Don’t make your recipient hunt for information
Not only does leaving a message akin to “Hey, It’s me. Call me back when you can.” cause the person to have to dig back through their mailbox to figure out who you are, it also means that *if* they can find the information to call you back, when they do so you are less likely to have an effective conversation.
Sticking with our "Andy Applicant" example, if Andy had left Hannah Hiring Manager a voicemail of, “It’s me and I would like to talk to you.” She will not know who Andy is nor what Andy wants to talk about. Effectively she will be answering Andy’s questions on the spot the whole time after she figures out how to get in touch with him. What if she forgets to mention something?
Leaving ambiguous voicemail messages almost guarantees that you will not get all you could have from the conversation, as you did not give the person you called the opportunity to prepare for your call.
Take note of your surroundings
Background noises can be picked up in voicemail recordings, and even though we may not want them to, they do subversively impact how our messages are received. Noisy backgrounds tend to trigger thoughts of a chaotic atmosphere --implying that you are disorganized or do not consider the content of your message to be important enough to be heard clearly. And if you don’t care about what you’re trying to say, why should the person on the other end of the phone?
Finding a quiet place with good reception where you won’t be interrupted ensures that when you speak, you will be clearly heard; it also removes background noises from the equation, entirely.
Follow up with an email
If you have the person's email address, follow up with an email. Depending on the person’s schedule, it may be easier to correspond (or schedule a time to talk) via email. If you are going to go this route, say in your voicemail that you will be sending over an email shortly.
In your email mention that you are following up with your voicemail; that level of synergy, communication and integrity is sure to wow any professional and leave them with the impression you do what you say you’re going to do and you are organized.
There is something about that voicemail beep that sends brains into panic mode, and we will start spewing out words as fast as possible to get the awkwardness of talking to a machine over with. The problem is if you speak too quickly, your listener won’t be able to understand what you’re saying –making the whole point of the voicemail irrelevant.
Take a deep breath before beginning and stay calm while speaking. Try practicing a few times beforehand if you need to. No rule says you have to build out what you want to say on the fly.
Put yourself in their shoes
A lot of times our anxieties get the best of us and we don’t often think about the person on the other end of the voicemail and the information they need.
Think about if you were someone working in the corporate world, what kind of voicemail would you like to receive, and try to keep that image in mind when leaving a voicemail.
You can always listen to (and rerecord) your voicemail
Most people don’t know this, but voicemail systems have the functionality to listen to and rerecord your voicemail if you are unsatisfied. Usually, this can be accessed by pressing # or 1 to return to the voicemail menu. From there you will hear the prompts to listen or rerecord your voicemail.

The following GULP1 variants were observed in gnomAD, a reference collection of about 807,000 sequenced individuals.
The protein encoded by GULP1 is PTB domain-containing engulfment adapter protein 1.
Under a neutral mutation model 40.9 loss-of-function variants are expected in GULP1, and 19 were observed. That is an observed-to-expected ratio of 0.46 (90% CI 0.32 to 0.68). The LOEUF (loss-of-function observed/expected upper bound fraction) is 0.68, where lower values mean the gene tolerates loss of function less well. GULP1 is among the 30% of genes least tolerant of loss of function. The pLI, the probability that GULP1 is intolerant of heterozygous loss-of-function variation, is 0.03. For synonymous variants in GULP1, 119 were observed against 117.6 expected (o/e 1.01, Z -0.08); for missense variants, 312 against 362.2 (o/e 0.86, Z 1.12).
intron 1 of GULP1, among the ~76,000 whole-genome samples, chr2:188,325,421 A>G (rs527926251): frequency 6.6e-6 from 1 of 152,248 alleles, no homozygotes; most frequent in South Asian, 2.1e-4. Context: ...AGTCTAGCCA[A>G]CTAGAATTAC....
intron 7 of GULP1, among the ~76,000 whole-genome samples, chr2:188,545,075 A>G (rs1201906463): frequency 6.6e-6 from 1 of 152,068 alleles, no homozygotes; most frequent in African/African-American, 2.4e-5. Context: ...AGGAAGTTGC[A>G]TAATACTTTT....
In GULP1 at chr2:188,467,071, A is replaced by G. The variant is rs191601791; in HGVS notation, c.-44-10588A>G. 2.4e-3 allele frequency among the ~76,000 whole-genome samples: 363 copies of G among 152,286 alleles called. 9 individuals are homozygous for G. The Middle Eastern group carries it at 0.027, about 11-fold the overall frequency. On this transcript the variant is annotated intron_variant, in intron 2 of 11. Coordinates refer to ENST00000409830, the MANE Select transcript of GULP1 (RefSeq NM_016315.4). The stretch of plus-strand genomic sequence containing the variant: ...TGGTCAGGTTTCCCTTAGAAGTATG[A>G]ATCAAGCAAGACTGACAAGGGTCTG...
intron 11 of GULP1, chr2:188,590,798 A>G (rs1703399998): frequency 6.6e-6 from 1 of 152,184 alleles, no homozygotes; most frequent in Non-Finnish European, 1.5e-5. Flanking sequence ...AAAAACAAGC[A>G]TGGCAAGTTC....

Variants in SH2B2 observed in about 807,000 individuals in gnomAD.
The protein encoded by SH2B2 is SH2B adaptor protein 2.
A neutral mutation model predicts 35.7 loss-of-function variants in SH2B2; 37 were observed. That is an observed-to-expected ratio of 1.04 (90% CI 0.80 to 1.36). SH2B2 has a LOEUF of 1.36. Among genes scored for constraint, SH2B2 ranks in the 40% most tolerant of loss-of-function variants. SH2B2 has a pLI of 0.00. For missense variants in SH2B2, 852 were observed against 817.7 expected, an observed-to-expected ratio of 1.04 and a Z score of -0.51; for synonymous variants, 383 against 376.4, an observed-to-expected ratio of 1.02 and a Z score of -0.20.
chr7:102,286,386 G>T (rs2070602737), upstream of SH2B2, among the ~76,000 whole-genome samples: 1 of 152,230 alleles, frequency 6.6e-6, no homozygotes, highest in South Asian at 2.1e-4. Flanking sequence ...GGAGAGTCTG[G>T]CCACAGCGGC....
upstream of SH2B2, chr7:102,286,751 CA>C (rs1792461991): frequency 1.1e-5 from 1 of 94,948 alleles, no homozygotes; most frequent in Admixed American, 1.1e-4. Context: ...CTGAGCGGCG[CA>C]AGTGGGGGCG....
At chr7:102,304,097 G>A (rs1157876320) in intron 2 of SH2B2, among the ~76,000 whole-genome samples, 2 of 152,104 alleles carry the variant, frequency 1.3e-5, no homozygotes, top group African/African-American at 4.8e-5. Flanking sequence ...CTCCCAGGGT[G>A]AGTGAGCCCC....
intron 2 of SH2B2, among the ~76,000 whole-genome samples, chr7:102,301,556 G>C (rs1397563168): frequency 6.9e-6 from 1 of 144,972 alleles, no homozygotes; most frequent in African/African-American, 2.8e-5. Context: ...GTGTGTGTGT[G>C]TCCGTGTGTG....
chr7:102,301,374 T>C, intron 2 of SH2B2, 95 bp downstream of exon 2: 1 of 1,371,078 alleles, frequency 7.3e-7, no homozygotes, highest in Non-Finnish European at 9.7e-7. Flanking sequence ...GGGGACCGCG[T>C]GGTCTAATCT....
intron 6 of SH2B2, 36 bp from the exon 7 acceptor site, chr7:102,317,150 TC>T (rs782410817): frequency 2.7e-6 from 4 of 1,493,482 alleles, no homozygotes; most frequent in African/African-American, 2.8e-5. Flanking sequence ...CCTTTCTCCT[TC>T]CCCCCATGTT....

Try to sound like you
To some extent, we all have a “phone voice”. But there are phone voices and then there are PHONE VOICES. We’ve all gotten a voicemail from the stiff, ultra-peppy, overly rehearsed cheerleader; it doesn’t sit well with you, right?
When people listen to voicemails, they’re listening to more than just the words you say; tonality and inflection play a big role in how your message will be received.
That’s not to say strip all emotion and personality out of your voicemail, but be yourself! Presumably, you are leaving a voicemail with someone because you want to continue a conversation with them either by phone or in person. What will they think if the “personality” of the voicemail doesn’t match the one in more fluid forms of correspondence?
Knowing how to leave a voicemail that is equal parts succinct, professional and courteous can be hard for those not accustomed to doing so.
Your Voicemail Greeting
A commonly overlooked aspect of voicemail etiquette is your own mailbox greeting. A lot of us simply set it and forget it when we first get our phones, which for some of us was when we were teens, or we don’t have anything set up at all.
If you are currently in the job market and you can’t remember what your voicemail greeting is, it might not be a bad idea to check in and see if it needs updating. Depending on what it is, when a hiring manager hears it, they may decide to not leave a voicemail after all.
If You're not Sure Where to Begin
A simple voicemail greeting may be something like:
- “You have reached the voicemail box of Jane Smith. I am sorry I missed your call. Please leave your name and number and I will return your call as soon as possible. Thank you.”
Building a unique voicemail greeting for yourself that is simple, friendly and professional will guarantee that regardless of who calls, it’s sure to be palatable to them.
Following these tips of voicemail etiquette and voicemail structure are a sure-fire way to give you a professional edge in your job hunt and throughout your professional career. By having a strong voicemail template to follow you can be sure that when you call your voice(mail) will be heard.